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05-14-2000

Eastman Kodak Chairman Of The Board George M.c. Fisher Awarded Clarkson University Honorary Degree

Potsdam, N.Y. -- Eastman Kodak Chairman of the Board George M.C. Fisher received an honorary doctor of science degree at Clarkson University's 107th Commencement in Potsdam, N.Y., on Sunday, May 14.

The degree was awarded "for his visionary leadership, resourcefulness, and pioneering role in imaginatively guiding technology-based American business into a new era of global competitiveness.”

In addressing the graduates Fisher said in part, “… I might refer to Albert Einstein as source material… because once upon a time, at an event like this, he did say this: ‘Everything should be made as simple as possible, but no simpler.’

“And that really is what bright, well-educated people do. Ideally, they make life simpler for all of us by unraveling mysteries, in the case of science; by solving problems and, hopefully, by easing humanity's burdens.

“… I tell you that making everything simple is also what bright, capable businesspeople do so much of the time.  George Eastman, who was the founder of Eastman Kodak, perhaps said it best in our industry when he says, ‘We must live by “You press the button. We do the rest."’  In so doing, he hid very complex technology and created a company based on ease of use, a principal that many of our high-tech brethren would do well to remember.

“… simplicity really doesn't come easy necessarily.  The grace of a talented ballet dancer looks effortless, looks easy. But we can't, in fact, see the years of training that go behind that flawless performance. Likewise, in our industry, taking a beautiful, sharp photograph hides all the sophistication of the science and that engineering go behind a four-dollar roll of film.

“In fact, in the early years of my career at Bell Labs, as we tried to ascertain what research topics were worth looking on, we developed the notion that we called the ‘natural state of communications.’  People like you and me are enabled with sight, sound, touch – capabilities of our senses, which, in fact, have only been encumbered by the limitations of our technology with things like keyboards, flickering displays and wires. It is, in fact, technology’s intent and purpose to simplify our lives to work more appropriately with our humanness.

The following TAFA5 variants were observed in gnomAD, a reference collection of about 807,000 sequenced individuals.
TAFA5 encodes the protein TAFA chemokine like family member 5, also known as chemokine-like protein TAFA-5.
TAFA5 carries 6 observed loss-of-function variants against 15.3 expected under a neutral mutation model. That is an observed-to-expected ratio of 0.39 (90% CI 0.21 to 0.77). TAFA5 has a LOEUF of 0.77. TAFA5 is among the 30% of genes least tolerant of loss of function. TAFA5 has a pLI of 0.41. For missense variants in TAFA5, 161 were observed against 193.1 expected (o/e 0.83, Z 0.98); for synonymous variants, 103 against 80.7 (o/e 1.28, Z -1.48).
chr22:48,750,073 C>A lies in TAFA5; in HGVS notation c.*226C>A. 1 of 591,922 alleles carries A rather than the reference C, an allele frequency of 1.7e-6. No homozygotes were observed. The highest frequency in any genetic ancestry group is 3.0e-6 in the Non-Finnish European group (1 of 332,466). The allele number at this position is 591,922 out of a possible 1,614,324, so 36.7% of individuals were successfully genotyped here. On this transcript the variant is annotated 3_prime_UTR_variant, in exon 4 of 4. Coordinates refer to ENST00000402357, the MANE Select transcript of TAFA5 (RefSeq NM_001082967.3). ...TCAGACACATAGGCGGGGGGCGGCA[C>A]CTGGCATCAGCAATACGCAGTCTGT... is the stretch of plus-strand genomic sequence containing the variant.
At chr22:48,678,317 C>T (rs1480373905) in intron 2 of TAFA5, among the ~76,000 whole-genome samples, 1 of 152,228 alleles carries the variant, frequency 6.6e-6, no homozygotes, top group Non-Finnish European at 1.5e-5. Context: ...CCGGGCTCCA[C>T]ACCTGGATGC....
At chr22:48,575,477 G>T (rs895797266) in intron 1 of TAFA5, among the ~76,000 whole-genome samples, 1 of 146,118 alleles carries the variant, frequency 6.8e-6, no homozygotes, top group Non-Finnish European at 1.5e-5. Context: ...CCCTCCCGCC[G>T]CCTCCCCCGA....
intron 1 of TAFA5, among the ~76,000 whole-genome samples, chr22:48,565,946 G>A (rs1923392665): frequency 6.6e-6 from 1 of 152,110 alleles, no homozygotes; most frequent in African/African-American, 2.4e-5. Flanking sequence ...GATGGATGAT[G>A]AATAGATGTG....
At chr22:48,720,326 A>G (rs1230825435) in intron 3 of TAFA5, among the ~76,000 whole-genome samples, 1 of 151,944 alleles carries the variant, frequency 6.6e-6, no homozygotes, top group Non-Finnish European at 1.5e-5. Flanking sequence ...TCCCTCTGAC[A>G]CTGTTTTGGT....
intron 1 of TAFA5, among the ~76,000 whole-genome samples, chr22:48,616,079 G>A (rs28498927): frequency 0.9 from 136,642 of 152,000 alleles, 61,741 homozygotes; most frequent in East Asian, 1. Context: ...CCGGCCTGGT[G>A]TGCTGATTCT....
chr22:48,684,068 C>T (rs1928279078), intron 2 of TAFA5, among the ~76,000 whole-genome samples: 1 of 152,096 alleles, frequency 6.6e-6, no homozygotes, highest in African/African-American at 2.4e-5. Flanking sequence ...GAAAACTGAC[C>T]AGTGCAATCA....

“And there is still so much in our lives today, as all of you know, that lacks clarity, simplicity or ease of use.  And there is so work that lies ahead for this graduating class, so much that you can contribute…”

Over six years ago, George M.C. Fisher left Motorola to join Eastman Kodak Company as chairman, president, and CEO at a time of great change both within Kodak and the photographic industry. A highly respected businessman, Fisher brought his strong leadership skills combined with his international business experience to revitalize the company. 

Through his imaginative and resourceful direction, Fisher has placed the photoimaging leader back on track. Some of his notable accomplishments include: increasing Kodak’s international market share and visibility, most notably negotiating Kodak as the dominant photoimaging supplier for China; streamlining the company to focus on its core business – the imaging industry; and leading Kodak’s entry and continued growth in the burgeoning digital imaging market.

Starting his career with Motorola in 1976, Fisher was appointed senior vice president and assistant general manager of the Motorola Communications Sector in 1984. He became president and chief executive officer in 1988, and was named chairman of the board and chief executive officer in 1990.  Prior to Motorola, Fisher spent ten years in research and development at Bell Telephone Laboratories.

Fisher serves on numerous boards and organizations, and is an elected fellow of the American Academy of Arts & Sciences and an elected member of the National Academy of Engineering. Formerly, Fisher acted as chairman of the U.S. Council on Competitiveness from 1991 to 1993 and held the position of chair of the U.S.-China Business Council from 1997 to 1999.

Fisher received a B.S. in engineering from the University of Illinois, and both an M.S. in engineering and a Ph.D. in applied mathematics from Brown University.  Fisher, who has headed the world’s largest photographic products company since 1993, will continue as chairman until January 2001.
Clarkson University is an independent institution located in northern New York, in the foothills of the Adirondack Mountains. The University has 2,902 graduate and undergraduate students enrolled in its schools of Business, Engineering, Liberal Arts and Science.

[News directors and editors: For more information, contact Michael P. Griffin, director of News & Digital Content Services, at 315-268-6716 or mgriffin@clarkson.edu.]

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